Goal: Achieve a 20% reduction in energy use in buildings built prior to Duke's 2009 Climate Action Plan by 2030 while maximizing opportunities for building energy efficiency and low carbon, new construction.
During the last 12 years, Duke University has added more than 3 million gross square feet of building space on campus. Despite this increase, Duke has implemented various efficiency and conservation measures to decrease its energy use by 19% per gross square foot. Duke's Facilities Management Department is also halfway through implementation of a new "Energy Data Analytics" program. This is a project to capture significantly more building operating information, specifically related to heating and cooling systems, into a single database, so that the University can perform "continuous commissioning" on building systems while reducing energy consumption and cost.
Along with a focus on energy efficiency, the University is also making investments in renewable energy. In 2019, construction was completed on a new 750 kW solar photovoltaic system on the Research Drive Parking garage.
Goal: Ensure all new construction and major renovations comply with Duke's High Performance Building Framework and meet campus goals for energy and water efficiency.
Since adopting sustainable building guidelines in 2003, Duke University has strived to construct buildings that reduce overall campus impacts. In 2019, the University pushed even further by adopting a new High Performance Building Framework. The framework takes a holistic view of green building at Duke by outlining an improved process for planning campus buildings, a rigorous sustainable design standard for all new buildings and major renovations, and a new tracking and rating system to examine how facilities perform even after construction.
Goal: Focus water-reduction strategies on the top 20 water-consuming buildings, which account for 70% of water use.
Despite significant campus growth, Duke has reduced building potable water use per gross square foot by 30% since 2007. Projects that have led to this reduction include the 10-acre stormwater reclamation pond, campus cisterns, systems to capture air conditioning condensate and audits of the top 50 water-using buildings to add water-conserving plumbing hardware. The University is also exploring options for a new WaterHub that would intercept wastewater flowing from buildings on West Campus and cycle it through a 10-step treatment process to then be reused in the campus chilled water plant. Combined with the roughly 80 million gallons drawn annually from the reclamation pond, nearly all of the plant's needs could be met without drawing from Durham's potable water supply.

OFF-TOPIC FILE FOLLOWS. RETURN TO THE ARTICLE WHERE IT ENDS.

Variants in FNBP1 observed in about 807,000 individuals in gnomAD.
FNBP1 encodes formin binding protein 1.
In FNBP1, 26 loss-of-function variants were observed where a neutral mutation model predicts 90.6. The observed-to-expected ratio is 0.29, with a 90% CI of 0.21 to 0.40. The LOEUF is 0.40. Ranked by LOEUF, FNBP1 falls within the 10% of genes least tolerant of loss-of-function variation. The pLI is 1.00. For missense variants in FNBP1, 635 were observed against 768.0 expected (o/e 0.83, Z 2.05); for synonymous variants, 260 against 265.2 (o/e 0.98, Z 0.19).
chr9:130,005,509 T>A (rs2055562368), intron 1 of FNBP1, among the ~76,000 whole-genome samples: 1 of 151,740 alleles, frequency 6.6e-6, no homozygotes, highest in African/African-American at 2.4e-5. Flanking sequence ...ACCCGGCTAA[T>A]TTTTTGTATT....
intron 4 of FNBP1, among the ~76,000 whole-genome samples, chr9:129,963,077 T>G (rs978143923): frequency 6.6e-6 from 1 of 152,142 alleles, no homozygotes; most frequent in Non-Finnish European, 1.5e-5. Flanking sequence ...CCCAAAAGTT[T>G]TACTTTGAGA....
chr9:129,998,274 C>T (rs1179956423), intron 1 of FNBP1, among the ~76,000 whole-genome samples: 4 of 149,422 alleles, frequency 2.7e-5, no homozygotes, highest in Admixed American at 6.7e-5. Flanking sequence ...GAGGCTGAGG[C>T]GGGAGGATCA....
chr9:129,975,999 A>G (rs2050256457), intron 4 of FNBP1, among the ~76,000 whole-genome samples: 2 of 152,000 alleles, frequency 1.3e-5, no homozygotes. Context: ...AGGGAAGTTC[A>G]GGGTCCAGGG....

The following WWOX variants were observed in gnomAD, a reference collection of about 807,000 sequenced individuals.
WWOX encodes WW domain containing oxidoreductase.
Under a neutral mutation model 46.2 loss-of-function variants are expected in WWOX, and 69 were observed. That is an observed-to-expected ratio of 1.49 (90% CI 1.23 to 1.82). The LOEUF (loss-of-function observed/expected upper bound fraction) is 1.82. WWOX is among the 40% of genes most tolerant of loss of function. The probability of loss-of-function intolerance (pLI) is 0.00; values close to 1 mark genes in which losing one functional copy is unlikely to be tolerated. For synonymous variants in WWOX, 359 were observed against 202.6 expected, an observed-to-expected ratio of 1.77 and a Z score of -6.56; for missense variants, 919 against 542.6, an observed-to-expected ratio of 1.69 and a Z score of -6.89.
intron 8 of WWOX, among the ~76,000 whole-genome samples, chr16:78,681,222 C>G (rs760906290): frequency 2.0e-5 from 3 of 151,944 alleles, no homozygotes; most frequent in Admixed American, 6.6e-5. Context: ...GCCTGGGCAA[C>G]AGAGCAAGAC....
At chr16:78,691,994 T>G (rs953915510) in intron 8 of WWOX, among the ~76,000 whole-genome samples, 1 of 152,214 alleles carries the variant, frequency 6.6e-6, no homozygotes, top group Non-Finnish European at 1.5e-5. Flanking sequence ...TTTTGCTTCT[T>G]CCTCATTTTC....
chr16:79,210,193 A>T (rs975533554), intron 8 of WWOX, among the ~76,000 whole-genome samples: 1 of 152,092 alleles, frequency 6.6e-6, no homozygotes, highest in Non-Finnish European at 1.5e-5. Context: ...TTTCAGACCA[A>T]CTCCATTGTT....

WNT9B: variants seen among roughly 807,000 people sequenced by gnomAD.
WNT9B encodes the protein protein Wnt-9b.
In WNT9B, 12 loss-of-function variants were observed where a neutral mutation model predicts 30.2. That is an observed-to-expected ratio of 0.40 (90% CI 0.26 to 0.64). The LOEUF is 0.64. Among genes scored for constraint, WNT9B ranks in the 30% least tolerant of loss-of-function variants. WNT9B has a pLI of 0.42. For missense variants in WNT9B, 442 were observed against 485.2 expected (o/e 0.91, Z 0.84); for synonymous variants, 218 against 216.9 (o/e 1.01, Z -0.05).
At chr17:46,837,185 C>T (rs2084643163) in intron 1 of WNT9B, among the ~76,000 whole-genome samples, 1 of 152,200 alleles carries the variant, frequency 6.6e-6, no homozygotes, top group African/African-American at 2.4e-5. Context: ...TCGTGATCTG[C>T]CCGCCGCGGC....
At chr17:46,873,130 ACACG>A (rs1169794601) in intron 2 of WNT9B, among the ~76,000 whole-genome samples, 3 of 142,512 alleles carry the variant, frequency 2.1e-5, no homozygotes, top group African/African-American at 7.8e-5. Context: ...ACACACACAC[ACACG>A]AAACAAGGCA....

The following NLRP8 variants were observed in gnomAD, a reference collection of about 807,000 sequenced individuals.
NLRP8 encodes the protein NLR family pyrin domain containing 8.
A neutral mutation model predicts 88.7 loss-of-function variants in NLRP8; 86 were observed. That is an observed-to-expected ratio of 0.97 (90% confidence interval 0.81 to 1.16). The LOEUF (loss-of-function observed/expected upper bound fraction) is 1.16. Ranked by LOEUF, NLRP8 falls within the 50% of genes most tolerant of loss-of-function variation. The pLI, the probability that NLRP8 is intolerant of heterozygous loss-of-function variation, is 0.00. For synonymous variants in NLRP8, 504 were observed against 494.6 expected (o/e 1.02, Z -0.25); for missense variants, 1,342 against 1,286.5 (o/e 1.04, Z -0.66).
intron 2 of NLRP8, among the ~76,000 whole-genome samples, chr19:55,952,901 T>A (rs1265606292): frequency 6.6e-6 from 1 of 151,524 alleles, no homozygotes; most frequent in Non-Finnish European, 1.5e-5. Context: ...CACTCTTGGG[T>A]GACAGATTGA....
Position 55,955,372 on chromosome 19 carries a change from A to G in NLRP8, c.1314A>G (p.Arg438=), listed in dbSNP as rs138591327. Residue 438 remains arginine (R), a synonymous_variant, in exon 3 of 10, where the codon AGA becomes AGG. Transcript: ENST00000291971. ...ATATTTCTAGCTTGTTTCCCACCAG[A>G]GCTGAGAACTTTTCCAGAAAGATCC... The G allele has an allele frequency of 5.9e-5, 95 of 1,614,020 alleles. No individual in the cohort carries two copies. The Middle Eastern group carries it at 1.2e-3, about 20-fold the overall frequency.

Goal: Ensure that buildings, landscapes, and natural areas are created and sustained to create a campus community that conserves natural resources, restores environmental quality, and protects biodiversity.
Duke is often described as a "campus in the forest" with the natural resources of the University a key part of its character. Part of this valuable resource is the actual Duke Forest, consisting of more than 7,000 acres of forested land and open fields in Durham, Orange, and Alamance counties managed for teaching and research purposes since 1931. The Forest is a true hands-on laboratory for the campus with 49 active research projects on-site and 96 on-site class visits with almost 1,000 students in 2019. Duke Forest continues to look for opportunities to connect across an increasingly fragmented landscape and realized this goal this year with the addition of 27 acres to the Forest.
Building off of a student project in the undergraduate "Theory and Practice of Sustainability" course, Duke Forest began a Citizen Science program in 2019. This program harnesses the passion of local volunteers to collect data on amphibian and reptile populations. During the last year, more than 100 volunteers submitted data from 229 site visits.